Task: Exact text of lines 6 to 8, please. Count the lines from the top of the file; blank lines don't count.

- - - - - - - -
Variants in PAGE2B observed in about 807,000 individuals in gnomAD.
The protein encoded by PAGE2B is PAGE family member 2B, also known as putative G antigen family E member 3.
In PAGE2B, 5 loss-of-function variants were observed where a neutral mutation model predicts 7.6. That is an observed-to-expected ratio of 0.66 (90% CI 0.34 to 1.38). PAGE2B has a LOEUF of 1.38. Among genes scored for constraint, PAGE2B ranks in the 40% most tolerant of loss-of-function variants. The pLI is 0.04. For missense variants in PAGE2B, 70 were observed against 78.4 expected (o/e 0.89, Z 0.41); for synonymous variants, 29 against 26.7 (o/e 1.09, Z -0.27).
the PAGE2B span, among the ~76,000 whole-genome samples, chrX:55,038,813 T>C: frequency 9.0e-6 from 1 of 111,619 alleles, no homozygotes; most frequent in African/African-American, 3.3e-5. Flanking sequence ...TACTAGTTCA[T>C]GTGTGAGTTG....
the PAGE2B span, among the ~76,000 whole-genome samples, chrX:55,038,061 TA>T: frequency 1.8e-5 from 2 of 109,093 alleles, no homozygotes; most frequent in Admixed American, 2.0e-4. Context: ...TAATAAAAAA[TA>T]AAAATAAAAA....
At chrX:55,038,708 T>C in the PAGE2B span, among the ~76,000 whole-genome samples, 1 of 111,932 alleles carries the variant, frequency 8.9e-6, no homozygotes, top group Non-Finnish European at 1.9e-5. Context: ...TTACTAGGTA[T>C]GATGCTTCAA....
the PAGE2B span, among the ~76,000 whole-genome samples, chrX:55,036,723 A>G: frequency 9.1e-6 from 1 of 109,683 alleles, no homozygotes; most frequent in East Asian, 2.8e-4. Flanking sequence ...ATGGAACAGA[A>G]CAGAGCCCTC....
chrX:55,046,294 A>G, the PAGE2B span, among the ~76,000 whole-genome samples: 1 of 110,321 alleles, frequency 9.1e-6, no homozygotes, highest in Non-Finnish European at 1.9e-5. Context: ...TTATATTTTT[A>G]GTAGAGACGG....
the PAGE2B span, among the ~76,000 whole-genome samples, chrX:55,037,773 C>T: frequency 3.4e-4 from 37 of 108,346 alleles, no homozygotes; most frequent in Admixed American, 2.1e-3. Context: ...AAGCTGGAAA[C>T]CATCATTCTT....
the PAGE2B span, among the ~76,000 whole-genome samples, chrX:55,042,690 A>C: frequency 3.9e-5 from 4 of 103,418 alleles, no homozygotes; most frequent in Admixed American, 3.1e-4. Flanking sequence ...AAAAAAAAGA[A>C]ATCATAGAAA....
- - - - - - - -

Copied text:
At chrX:55,038,708 T>C in the PAGE2B span, among the ~76,000 whole-genome samples, 1 of 111,932 alleles carries the variant, frequency 8.9e-6, no homozygotes, top group Non-Finnish European at 1.9e-5. Context: ...TTACTAGGTA[T>C]GATGCTTCAA....
the PAGE2B span, among the ~76,000 whole-genome samples, chrX:55,036,723 A>G: frequency 9.1e-6 from 1 of 109,683 alleles, no homozygotes; most frequent in East Asian, 2.8e-4. Flanking sequence ...ATGGAACAGA[A>G]CAGAGCCCTC....
chrX:55,046,294 A>G, the PAGE2B span, among the ~76,000 whole-genome samples: 1 of 110,321 alleles, frequency 9.1e-6, no homozygotes, highest in Non-Finnish European at 1.9e-5. Context: ...TTATATTTTT[A>G]GTAGAGACGG....